Since I’ve been an entrepreneur three times and a venture investor during two downturns, I’ve seen technology from both the pro and con sides (h/t Joni Mitchell). On the startup side, Microsoft bought my first business, VXtreme, and used it as the foundation for online video streaming. The second experience I had was the dot-com era’s common rocket ship run up to an IPO and subsequent collapse in valuation.
When the internet bubble burst, my third firm had barely been operating for a year and still had not established product-market fit. We had to take extreme steps to survive, including two rounds of layoffs, until we could combine with another business, which is still going strong today. I have invested in over 60 businesses as a venture capitalist, and although many of them have gone public or been bought, the path has involved pivots, near-death encounters, and surviving the 2008–2009 recession.
Today, when ominous terms like “cram downs,” “structure,” “ratchets,” “illiquid portfolios,” and “wind down of funds” are bandied around, I can understand the founders of businesses that are struggling to raise money, have seen their valuation fall, and are forced to make difficult survival decisions. Though each period is unique, the following advice applies to our current normal:
Do your investor due diligence if you’re raising money. Firms having funds that are towards the end of their useful lives will be under severe limitations during a recession and could not have allocated enough follow-on capital for their existing investments.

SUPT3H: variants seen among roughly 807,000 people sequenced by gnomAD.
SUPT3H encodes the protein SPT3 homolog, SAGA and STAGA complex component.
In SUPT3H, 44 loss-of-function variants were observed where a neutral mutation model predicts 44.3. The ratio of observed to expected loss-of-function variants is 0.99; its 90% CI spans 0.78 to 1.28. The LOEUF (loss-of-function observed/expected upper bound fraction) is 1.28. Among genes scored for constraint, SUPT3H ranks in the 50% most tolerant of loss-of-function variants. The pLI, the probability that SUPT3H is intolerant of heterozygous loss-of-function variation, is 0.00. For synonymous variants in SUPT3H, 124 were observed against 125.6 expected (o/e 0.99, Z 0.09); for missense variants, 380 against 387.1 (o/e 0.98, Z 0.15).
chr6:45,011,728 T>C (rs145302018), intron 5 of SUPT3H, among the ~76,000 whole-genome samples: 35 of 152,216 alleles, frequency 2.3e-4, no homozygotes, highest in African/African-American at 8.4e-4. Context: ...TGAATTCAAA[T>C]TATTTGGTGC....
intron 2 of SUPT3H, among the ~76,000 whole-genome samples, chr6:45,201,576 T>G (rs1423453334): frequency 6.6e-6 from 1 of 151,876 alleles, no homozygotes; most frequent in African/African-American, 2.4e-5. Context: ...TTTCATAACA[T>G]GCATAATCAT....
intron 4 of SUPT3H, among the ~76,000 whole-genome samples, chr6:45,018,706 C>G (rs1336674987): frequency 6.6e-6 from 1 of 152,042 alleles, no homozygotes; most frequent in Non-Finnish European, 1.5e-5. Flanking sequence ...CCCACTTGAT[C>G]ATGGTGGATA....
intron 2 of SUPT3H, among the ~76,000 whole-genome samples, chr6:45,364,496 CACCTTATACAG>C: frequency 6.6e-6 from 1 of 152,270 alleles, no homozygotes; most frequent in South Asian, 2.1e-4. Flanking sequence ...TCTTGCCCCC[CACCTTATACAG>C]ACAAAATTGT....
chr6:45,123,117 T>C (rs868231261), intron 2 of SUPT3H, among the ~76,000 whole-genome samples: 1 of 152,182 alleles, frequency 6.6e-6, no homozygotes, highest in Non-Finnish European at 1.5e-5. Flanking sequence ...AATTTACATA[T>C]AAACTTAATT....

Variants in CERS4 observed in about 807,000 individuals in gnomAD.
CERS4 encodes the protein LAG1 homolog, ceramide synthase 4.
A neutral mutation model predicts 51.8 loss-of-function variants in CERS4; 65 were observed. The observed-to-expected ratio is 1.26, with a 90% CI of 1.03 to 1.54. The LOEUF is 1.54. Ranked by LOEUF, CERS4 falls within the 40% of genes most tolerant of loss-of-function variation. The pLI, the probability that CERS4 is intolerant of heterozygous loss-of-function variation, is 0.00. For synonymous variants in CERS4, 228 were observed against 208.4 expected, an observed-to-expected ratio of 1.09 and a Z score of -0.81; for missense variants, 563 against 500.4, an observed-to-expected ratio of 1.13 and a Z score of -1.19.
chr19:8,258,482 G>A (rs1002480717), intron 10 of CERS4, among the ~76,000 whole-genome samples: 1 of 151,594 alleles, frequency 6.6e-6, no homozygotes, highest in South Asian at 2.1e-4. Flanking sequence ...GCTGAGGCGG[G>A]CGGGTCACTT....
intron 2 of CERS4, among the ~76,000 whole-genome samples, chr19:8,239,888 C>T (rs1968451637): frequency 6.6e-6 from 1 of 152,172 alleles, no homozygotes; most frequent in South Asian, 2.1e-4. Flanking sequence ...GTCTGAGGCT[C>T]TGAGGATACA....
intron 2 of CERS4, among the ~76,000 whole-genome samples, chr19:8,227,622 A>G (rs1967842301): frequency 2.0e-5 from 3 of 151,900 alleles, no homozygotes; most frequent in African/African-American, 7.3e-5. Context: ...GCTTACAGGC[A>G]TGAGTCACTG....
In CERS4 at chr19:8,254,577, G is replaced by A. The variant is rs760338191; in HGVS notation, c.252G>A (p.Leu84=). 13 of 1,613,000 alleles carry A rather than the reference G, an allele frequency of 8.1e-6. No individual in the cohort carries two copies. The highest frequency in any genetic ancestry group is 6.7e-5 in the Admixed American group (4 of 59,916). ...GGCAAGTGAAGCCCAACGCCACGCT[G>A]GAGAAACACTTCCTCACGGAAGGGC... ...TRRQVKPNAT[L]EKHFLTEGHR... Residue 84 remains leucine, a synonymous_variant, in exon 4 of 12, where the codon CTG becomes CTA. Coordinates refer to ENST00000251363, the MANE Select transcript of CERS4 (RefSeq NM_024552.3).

If you’re doing internal rounds or bridge extensions, reserve management may become a problem and existing investors may not be able to pay their pro-rata amounts. Therefore, while evaluating investors, you should find out which fund they are investing from, how far along they are with their investments, and how much capital they have set aside for subsequent rounds. By doing this, you can be sure they can meet your capital requirements in the future.
When cutting costs, think beyond the box. When money is tight, you must be prepared to lengthen your runway by killing your darlings. After the dot-com crisis, at Rivio, my third firm as a founder, we devised a zero-based budget plan that presupposed we wouldn’t have access to any future cash. Then, we substantially reduced the number of product features, revised our go-to-market plan, and rightsized the company.